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34
T H E A U S T I N C H R O N I C L E
JULY 25, 2014
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FOOD
Although Rae Wilson admits she’s “inclined to a variety of
artistic endeavors,” she found her true passion in wine. Even
describing her as passionate could be considered an under-
statement. Soft-spoken and almost shy at first meeting, she
will immediately perk up and reveal a bubbly personality
and a wealth of knowledge at the slightest mention of Rosé.
From a young age, Wilson started working in restaurants
in her native St. Louis, Mo. She quickly became interested
in food and beverages, spending her free time reading
about gastronomy. She even took a run at brewing beer,
spending five years learning the microbrew business at
Schlafly Brewery. After discovering the wonders of fermen-
tation, she shifted her focus to wine once relocating to
Austin in November 2005. By 2008, she had turned her
attention to wine production, making her way to Napa
Valley to work the harvest at Artesa, one of the most highly
regarded wineries in the area.
This would become her first “classroom,” a place to learn
the winemaking process from harvest to production.
Because Artesa is home to several wineries, including
Spain’s famous Cava producer Codorníu Winery and
Montes Wines, she learned Spanish techniques as well as
traditional Napa-style production from a variety of wine-
makers. Between shifts, she spent time at one of the world’s
top wine programs – COPIA: The American Center for
Wine, Food and the Arts in Napa – earning her advanced
certification with the Wine and Spirits Education Trust.
Later that year, she earned her certification from the Court
of Master Sommeliers.
Wilson returned to Austin soon after completing her cer-
tification, working at Cafe Josie and Wink before taking a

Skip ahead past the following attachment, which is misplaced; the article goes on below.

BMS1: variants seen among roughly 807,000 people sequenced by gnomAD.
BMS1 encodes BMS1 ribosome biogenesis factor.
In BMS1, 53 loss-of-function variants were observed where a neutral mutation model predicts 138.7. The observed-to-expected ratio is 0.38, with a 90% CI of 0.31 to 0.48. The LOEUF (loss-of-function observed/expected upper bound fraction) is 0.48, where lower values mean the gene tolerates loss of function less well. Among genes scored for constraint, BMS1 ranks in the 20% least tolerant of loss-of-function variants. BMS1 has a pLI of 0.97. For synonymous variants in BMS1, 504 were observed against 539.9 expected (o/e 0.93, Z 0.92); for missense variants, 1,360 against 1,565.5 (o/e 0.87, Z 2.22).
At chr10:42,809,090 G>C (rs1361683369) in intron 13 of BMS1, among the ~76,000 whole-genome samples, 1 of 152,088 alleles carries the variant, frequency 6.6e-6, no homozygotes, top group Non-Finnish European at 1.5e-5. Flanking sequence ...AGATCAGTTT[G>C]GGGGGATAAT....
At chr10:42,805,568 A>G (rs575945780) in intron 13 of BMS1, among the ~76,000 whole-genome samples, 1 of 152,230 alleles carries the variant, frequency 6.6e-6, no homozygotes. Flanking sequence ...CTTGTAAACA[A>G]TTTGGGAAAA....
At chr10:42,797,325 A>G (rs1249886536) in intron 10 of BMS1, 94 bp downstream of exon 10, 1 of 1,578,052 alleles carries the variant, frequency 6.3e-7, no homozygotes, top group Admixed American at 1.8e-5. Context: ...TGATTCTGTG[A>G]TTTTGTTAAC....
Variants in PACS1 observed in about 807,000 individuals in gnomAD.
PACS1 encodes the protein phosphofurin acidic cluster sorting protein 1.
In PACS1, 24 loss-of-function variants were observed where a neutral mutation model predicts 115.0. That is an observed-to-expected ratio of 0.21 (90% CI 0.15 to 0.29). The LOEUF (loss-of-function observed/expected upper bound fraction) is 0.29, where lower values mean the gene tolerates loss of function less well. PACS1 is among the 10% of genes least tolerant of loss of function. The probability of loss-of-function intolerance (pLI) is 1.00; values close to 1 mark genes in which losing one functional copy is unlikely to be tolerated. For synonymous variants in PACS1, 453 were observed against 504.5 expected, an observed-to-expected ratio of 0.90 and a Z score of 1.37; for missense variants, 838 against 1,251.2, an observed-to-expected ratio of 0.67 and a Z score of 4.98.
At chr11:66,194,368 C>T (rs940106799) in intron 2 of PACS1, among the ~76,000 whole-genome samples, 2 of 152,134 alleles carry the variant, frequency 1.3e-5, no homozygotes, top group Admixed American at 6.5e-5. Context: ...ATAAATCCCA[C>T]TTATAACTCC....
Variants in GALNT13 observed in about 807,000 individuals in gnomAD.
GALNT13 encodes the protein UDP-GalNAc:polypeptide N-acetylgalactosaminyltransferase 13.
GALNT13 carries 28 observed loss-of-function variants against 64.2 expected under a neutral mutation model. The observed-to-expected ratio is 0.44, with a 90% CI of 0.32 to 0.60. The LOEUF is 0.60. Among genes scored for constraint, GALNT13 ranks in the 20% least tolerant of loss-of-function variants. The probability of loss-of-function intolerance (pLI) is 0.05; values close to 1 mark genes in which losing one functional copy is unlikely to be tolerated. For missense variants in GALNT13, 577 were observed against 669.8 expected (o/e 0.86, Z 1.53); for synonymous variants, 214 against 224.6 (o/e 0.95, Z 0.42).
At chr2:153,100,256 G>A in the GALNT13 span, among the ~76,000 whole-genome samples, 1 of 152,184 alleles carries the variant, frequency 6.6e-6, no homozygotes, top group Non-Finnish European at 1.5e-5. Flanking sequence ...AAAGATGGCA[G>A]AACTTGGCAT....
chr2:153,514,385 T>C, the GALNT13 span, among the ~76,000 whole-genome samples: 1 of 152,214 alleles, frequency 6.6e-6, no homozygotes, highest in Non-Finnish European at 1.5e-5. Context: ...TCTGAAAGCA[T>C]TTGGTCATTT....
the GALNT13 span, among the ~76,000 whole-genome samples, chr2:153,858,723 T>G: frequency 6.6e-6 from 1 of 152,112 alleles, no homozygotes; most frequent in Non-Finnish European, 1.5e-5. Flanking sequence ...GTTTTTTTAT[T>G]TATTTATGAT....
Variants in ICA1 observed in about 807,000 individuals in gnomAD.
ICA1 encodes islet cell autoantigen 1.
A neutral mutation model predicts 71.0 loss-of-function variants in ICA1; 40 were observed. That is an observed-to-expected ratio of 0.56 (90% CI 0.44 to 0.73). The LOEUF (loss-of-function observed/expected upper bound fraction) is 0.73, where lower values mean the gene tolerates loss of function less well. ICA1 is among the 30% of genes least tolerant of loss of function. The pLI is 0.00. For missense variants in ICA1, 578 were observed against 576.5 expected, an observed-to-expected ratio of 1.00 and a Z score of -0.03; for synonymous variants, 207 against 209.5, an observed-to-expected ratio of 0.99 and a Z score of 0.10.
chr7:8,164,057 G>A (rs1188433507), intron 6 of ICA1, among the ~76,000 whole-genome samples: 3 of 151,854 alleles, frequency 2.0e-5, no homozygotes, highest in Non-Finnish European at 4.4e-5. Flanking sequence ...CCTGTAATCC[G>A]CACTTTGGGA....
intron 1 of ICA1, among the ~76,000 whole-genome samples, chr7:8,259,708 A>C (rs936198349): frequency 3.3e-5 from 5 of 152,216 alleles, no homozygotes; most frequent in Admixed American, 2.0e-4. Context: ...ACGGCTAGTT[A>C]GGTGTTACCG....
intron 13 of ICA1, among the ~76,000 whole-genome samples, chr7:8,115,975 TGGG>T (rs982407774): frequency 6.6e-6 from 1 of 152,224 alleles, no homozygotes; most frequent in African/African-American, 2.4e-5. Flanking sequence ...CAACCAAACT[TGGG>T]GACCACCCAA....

job as the wine buyer at Whip In. There she not only kept
the shelves stocked with interesting finds and great bar-
gains, but installed a by-the-glass program when the cafe
and bar opened in 2009. During that period, Wilson held
informal bimonthly classes and tastings. Her easygoing
style encouraged audience participation and dialogue, and
she answered questions without condescension. She quick-
ly garnered a following, with regular customers returning
after her “Wine 101” class to pursue a variety of topics - any-
thing from sparkling wines to South American vintages,
Italian reds, and of course, Rosé.
But after only five months, Wilson’s wanderlust led her
to pack her bags and head to Portugal for the fall harvest.
“I had always been attracted by Portuguese wines,” she
recalls, “so I wanted to learn more about them, and it was
such an incredible opportunity.” Wilson’s
experience in Portugal was very different
from the one in Napa Valley. She had little
knowledge of the language and faced a
decidedly male-dominated culture. She
had to work extra hard to prove herself,
being the only female cellar worker at
Esporão, one of the country’s leading win-
eries in Alentejo, and Quinta dos Murças in the Douro
Valley. That hard work paid off. She not only earned her
co-workers’ respect and friendship, but gained a vast
amount of knowledge and experience, including a very
public fall into a fermenting vat and a stint shoveling mud
out of the winery after a huge landslide.
Upon her return to Austin, Wilson picked up where she
left off with her classes at Whip In, House Wine, and
Apothecary Wine Bar. She also founded her own company,
Wine for the People, with a goal of making the wine world
more accessible. In fact, Wilson played a very important
role in changing Austinites’ perception of Rosé through
classes and small events. Three years ago, Wine for the
People’s first Rosé party at Whip In was a total success. At
this year’s party in May, dozens of pink wine fans gathered
to sample Rosés from a wide variety of regions and styles.
A smiling Wilson mingled through the crowd, talking about
every wine as though she had made it herself. At that point,